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An OpenGL accelerated window manager that provided a unique desktop experience to the open source community

editor's review




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Beryl was an open source project that provides users with a composite window manager for Linux-based operating systems. It could be used on top of a running desktop environment. The project has been discontinued in 2007 and merged with the Compiz software, which is now known as Compiz Fusion.

It was based on the Open Graphics Library (OpenGL) and designed to be highly flexible, portable, extensible and portable, while keeping in mind that users want for their desktops better than the developers do.

Features at a glance

Highlights of Beryl include Mac OS X expose like effect, live window previews, drag and drop support, improved visual identification, better selection control, shade windows, negative windows, transparency, saturation and brightness settings, zoomed Interaction, and GNOME Terminal true transparency.

With Beryl, users could see only what they wanted, visualize their workspace in a unique, 3D way, see through the clutter, see what’s going on in their desktop environment, and use amazing desktop effects, and much more.

Introducing the Emerald window decorator

Also part of the Beryl project, the Emerald window decorator was provided as a replacement for the Metacity window manager and decorator of the GNOME desktop environment. In addition, the Heliodor and Aquamarine projects provided themes for the KWin and Metacity WMs.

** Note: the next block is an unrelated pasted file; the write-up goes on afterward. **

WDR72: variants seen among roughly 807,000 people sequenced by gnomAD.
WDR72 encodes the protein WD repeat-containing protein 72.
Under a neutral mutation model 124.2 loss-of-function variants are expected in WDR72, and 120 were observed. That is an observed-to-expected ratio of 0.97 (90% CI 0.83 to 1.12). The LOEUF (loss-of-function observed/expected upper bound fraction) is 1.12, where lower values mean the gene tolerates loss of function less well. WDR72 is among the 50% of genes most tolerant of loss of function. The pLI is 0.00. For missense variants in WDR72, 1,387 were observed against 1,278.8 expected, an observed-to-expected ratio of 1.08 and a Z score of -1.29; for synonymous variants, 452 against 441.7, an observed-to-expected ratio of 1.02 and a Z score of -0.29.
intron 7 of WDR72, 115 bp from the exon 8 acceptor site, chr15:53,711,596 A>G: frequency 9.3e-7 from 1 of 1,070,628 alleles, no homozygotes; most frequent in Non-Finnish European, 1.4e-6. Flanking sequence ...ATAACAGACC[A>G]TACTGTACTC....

Users were also able to drag and drop documents from folder to folder, browse through windows and virtual workspaces like never before, as well as to use scale effects to find and switch between windows easily.

Beryl also provided a wide range of effects that were never seen before on a Linux distribution or any other operating system for that matter. Among included effects, we can mention transparency of windows, animations for window minimize, maximize, open and close, as well as the well known 3D desktop cube.

Bottom line

As mentioned, Beryl is now deprecated. It will be quite impossible to use it in a modern Linux-based operating system. However, you can try to use the Compiz Fusion project instead, which provides the same functionality.

Beryl was reviewed by Marius Nestor
Last updated on November 29th, 2014
Beryl - screenshot #1Beryl - screenshot #2Beryl - screenshot #3

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